How Covid Made One Small Business Stronger
The 2020 Covid year wreaked havoc everywhere AND created, for some, a powerful time to test new ideas, to take a hard look at our existing business models and ask and answer that all-important question, OK So Now What?
Once the initial shut-down happened, everybody was talking about pivots. For some of Do Your Thing’s floral design clients, this meant deferring weddings and other events into 2021 (along with all the expected progress payments 🙁 ) and offering contactless bouquet delivery. For other entrepreneurs who were accustomed to meeting with other actual human beings IRL, it meant offering on-line alternatives where possible. None of these could really replace expected 2020 Revenue.
But for one client who offered retreat experiences pre-pandemic, something amazing happened.
This Client is just one of the many who was able, during this unanticipated downtime, to put time into an online offering and an online membership that had always been on The List, but which was just impossible to ever really get to or prioritize when the main business — the retreats — was bringing in so much money (and requiring so much woman-power to manage and pull off). That entire business pre-pandemic hinged on these retreats, and it seemed impossible that something virtual could do much more than just keep the lights on and the wheels slowly turning.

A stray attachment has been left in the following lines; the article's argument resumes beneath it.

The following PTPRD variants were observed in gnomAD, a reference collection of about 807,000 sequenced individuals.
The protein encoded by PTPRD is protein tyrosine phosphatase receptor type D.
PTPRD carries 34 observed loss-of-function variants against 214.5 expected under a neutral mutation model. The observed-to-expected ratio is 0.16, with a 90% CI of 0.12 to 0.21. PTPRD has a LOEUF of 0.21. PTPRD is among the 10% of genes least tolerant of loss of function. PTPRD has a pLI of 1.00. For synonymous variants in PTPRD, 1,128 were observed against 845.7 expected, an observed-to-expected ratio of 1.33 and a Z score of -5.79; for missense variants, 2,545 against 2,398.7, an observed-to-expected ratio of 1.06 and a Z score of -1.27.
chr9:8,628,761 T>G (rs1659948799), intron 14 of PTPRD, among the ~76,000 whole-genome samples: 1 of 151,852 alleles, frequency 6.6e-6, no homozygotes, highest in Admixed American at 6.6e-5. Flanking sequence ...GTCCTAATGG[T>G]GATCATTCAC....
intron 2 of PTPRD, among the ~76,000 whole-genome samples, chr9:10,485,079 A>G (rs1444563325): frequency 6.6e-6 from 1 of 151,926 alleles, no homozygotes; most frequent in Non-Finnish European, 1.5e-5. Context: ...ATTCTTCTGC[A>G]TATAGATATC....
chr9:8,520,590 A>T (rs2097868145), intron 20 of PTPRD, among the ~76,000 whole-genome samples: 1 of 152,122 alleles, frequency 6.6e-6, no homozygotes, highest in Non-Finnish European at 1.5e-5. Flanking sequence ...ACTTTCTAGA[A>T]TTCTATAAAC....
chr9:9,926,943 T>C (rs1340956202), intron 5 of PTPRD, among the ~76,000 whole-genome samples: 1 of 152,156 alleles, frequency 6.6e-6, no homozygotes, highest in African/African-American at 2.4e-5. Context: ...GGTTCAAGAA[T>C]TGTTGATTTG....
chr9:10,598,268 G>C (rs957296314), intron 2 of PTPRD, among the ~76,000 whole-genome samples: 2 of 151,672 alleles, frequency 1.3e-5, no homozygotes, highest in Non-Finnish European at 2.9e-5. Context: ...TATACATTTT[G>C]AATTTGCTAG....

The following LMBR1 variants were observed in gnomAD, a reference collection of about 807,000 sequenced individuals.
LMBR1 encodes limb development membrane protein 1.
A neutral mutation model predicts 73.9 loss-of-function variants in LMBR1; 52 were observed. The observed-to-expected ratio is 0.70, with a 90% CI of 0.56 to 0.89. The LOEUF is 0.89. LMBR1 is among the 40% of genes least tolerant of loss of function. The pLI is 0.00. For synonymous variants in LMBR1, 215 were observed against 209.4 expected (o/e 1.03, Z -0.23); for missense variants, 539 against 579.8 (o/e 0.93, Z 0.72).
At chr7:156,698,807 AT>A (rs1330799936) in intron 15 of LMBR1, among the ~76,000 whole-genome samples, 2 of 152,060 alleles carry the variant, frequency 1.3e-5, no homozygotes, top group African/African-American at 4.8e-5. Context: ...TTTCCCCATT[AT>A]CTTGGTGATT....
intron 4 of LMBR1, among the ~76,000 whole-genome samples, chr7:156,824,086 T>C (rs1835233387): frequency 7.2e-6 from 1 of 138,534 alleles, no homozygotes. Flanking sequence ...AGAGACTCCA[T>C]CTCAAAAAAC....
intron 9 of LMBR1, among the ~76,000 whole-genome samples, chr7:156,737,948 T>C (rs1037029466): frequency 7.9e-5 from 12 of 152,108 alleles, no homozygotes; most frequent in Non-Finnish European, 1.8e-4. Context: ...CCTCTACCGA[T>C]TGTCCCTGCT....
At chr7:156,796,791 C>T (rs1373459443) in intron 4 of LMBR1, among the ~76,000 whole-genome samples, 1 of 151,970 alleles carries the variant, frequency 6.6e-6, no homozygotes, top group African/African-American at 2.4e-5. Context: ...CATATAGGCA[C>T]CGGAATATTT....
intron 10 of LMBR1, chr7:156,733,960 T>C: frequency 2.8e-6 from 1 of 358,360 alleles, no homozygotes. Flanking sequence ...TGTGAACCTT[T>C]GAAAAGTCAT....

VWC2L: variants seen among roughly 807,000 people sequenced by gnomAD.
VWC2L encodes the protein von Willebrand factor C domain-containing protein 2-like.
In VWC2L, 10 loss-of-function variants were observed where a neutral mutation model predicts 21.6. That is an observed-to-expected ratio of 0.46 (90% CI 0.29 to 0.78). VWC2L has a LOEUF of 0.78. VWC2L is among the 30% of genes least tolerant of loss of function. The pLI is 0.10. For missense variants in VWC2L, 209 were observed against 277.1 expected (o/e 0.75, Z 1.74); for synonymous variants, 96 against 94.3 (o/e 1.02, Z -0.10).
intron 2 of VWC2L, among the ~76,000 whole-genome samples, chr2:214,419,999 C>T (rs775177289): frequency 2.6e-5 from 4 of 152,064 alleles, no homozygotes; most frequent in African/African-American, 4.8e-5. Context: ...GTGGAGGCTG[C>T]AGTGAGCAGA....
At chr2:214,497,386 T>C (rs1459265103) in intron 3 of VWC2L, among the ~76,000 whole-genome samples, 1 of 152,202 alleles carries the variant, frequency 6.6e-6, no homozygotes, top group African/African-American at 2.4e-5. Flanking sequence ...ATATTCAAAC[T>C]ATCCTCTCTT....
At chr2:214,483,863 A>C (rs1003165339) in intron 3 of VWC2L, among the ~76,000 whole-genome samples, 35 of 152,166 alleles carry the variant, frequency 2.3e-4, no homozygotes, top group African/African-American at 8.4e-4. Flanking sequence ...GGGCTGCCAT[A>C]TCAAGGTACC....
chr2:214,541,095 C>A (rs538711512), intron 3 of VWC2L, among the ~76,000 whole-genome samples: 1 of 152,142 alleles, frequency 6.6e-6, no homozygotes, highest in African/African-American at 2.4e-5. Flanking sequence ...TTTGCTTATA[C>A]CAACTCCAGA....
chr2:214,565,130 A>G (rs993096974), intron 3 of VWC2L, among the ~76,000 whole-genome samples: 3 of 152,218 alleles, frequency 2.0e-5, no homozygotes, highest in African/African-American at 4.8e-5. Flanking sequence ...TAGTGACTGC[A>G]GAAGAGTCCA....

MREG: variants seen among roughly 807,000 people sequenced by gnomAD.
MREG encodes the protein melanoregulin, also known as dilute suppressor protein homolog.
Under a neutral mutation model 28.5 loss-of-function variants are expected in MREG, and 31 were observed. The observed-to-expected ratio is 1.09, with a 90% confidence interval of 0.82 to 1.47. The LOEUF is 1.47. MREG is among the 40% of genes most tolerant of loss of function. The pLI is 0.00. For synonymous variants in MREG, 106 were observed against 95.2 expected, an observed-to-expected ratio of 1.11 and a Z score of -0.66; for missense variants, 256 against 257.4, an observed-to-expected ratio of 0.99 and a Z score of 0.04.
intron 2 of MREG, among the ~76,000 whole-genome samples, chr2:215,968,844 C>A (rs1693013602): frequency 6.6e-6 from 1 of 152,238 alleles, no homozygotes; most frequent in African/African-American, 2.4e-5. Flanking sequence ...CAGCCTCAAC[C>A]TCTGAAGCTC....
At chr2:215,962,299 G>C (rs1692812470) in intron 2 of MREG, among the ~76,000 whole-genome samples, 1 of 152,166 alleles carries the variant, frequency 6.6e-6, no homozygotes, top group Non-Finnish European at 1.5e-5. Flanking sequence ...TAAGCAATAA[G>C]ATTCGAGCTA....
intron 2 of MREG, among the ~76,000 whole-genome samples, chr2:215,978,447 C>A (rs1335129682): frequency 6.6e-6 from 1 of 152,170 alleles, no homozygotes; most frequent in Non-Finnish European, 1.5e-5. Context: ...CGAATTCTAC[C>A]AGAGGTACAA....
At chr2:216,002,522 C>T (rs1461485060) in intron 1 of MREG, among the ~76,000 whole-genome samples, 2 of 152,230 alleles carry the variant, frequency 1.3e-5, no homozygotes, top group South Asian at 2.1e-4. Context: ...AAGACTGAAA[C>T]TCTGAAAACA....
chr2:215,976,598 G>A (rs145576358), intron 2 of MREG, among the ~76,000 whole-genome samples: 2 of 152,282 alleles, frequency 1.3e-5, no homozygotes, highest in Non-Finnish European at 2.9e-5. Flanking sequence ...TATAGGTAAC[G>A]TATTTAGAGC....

Except, guess what happened?
In lieu of a primary business with fairly high costs — ‘cause that’s how the retreat business is (think of all those accommodation costs, meals, guest instructors, masseuses, all the other little luxuries people want when they’re going to take a break from their regular existence, all of which are paid generally in advance with payments from participants collected over time, ugh, the cash flow challenges!) — suddenly, when this business HAD TO pivot on-line, everything changed.
Because the costs of offering on-line programs and on-line memberships are about a ¼ the costs of offering retreats, the business has managed to pay off debt AND has more money in the bank than it would have, had this pivot not been required. What looked like catastrophe in May and June of this year, by November was revealed to be a triumph.
Thanks to this unanticipated pandemic-related experience — i.e., having to come up with something else when the usual thing couldn’t happen anymore, this business is entering 2021 in a stronger position, and with a better business model, one that will still offer retreats, albeit fewer, augmented by strong on-line revenue drivers. It’s that ole all-your-eggs-in-one-basket idea. Diversifying revenue “lanes” made all the difference — not just survival but thrive-al (ok, not a word).
For one entrepreneur in particular, the catastrophe of this year has actually made the business so much stronger, less reliant on debt, more resilient and able to grow in new and more sustainable ways.
In the midst of all the terrible news, all the grief and challenge and anxiety of this crazy year, it’s comforting to know that it IS actually possible to make something good out of all this woe. What opportunity could there be, in all of this, to re-examine how your business works and try something new?